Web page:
A data app serves a similar purpose to a data product, which is it abstracts away the underlying complexities of managing data that is not already highly curated. However, they are more than a data product in the sense that the user enjoys a UI and a tightly integrated interactive experience as they explore and find answers within large datasets. Data apps are designed to handle data-intensive operations whereby the user needs to efficiently sift through large datasets. They have similar characteristics to traditional web applications, but are designed to work with voluminous data and to serve clear answers to specific questions. Google Analytics is a good example of a data app.
There are many more consumer-facing data, or data-driven apps, like Google Analytics; however, recently they have gained attention for internal and B2B relationships. For instance, traditionally a data scientist might find it difficult to make large datasets easy to explore and find answers for business analysts. If she/he can design a data app customized for the business analyst use case, then this would be much more productive for the business.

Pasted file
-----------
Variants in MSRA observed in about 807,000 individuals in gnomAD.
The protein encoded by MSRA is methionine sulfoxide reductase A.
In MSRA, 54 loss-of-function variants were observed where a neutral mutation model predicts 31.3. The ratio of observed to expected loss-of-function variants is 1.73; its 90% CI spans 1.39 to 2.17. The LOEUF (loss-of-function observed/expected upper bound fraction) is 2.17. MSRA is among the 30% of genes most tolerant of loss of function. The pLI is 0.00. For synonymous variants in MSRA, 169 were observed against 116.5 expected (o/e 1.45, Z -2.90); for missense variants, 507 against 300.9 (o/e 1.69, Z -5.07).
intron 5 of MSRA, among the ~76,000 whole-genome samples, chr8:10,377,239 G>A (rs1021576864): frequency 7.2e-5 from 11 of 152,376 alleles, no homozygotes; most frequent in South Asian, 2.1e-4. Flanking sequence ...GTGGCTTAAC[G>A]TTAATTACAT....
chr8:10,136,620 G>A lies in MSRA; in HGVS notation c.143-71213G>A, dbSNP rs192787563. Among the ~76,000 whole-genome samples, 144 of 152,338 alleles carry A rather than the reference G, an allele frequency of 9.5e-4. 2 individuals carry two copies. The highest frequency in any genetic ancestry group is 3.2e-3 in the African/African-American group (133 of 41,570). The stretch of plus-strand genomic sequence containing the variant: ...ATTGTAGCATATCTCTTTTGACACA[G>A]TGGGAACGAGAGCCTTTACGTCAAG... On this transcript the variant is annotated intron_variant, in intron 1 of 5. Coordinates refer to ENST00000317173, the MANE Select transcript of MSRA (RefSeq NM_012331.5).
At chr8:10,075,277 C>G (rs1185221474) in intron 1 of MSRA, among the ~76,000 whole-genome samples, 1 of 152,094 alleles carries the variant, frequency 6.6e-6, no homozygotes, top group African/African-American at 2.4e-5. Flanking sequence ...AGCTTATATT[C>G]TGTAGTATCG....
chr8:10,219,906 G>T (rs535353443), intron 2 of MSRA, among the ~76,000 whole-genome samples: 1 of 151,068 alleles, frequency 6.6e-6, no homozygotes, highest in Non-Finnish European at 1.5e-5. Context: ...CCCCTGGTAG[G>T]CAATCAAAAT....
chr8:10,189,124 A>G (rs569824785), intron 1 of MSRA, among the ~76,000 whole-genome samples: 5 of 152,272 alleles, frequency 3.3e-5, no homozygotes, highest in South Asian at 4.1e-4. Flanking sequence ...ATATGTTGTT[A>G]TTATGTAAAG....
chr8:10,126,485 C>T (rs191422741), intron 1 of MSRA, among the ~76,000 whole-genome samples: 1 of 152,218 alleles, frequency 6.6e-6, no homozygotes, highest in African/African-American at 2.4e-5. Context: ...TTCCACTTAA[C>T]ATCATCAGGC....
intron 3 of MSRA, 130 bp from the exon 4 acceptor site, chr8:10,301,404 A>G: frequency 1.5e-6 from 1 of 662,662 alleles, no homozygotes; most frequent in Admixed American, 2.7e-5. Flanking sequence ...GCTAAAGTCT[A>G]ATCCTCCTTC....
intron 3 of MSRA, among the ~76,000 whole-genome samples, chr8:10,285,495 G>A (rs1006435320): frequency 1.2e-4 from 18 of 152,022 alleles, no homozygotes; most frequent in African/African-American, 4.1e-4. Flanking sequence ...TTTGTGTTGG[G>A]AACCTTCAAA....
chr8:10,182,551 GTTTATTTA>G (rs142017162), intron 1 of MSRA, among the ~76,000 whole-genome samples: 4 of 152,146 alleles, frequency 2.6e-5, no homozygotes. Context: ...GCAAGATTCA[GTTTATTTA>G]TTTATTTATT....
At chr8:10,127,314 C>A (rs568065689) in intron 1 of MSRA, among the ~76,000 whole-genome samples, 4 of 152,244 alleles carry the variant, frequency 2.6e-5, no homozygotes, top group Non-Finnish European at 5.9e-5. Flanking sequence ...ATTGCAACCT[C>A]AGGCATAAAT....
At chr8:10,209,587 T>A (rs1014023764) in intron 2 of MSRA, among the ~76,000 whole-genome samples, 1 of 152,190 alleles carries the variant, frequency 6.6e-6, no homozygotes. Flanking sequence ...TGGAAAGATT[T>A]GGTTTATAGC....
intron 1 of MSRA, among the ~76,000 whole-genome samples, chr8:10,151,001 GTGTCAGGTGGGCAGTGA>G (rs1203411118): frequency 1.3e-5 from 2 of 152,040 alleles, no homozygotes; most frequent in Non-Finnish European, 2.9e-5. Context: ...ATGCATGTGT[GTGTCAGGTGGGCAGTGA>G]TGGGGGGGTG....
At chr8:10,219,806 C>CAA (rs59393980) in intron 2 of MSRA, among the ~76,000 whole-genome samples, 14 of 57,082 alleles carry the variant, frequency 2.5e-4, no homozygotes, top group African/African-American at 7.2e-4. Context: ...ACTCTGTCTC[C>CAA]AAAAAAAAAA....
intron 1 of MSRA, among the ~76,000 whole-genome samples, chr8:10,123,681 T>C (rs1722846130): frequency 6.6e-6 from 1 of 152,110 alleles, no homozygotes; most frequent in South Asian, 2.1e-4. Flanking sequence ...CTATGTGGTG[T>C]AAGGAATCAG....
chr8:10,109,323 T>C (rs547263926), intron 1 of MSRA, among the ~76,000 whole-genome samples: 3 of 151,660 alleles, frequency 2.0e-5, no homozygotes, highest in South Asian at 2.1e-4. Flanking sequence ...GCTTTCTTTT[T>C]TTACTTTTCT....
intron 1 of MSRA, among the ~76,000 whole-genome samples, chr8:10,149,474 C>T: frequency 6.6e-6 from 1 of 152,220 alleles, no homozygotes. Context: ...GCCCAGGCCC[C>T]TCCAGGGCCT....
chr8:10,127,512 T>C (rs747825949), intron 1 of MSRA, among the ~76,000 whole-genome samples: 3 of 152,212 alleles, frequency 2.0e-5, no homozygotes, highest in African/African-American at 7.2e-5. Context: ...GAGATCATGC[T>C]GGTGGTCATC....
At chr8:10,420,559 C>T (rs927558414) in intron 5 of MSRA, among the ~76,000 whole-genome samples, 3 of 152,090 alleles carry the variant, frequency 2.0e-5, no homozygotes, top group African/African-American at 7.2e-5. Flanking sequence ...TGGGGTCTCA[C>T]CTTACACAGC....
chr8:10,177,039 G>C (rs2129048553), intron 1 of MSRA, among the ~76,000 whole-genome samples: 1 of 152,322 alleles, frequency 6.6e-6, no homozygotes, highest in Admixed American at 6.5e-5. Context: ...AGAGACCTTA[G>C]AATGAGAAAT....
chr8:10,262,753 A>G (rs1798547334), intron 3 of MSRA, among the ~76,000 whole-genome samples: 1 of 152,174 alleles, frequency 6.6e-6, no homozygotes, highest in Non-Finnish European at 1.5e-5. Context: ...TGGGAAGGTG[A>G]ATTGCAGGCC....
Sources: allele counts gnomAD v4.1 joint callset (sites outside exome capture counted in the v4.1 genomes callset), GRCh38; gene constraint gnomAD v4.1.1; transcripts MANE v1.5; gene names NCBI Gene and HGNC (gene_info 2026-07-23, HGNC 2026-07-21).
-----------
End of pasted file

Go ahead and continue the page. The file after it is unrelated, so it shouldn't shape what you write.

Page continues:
Snowflake is leading this data app trend thanks to its tight in-house integration between the storage and compute layer, and also thanks to its swift expansion to cater for data scientists with its Snowpark platform, where data engineers and data scientists can write custom applications in the programming language of their choice (Python, Scala, Java, etc.).
The emergence of the semantic layer aims to address similar issues to what data products and data apps address. The DW stores curated data but not highly curated data in the sense that the data elements are stored in rows and columns across many tables, meaning analysts need to conduct various data manipulations before they have fully retrieved the representation of data they are seeking. Data products, data apps, and the semantic layer aim to further curate the data so that less time and compute is spent on performing this intensive data manipulation for each query (e.g., filter, pivot, sort, join).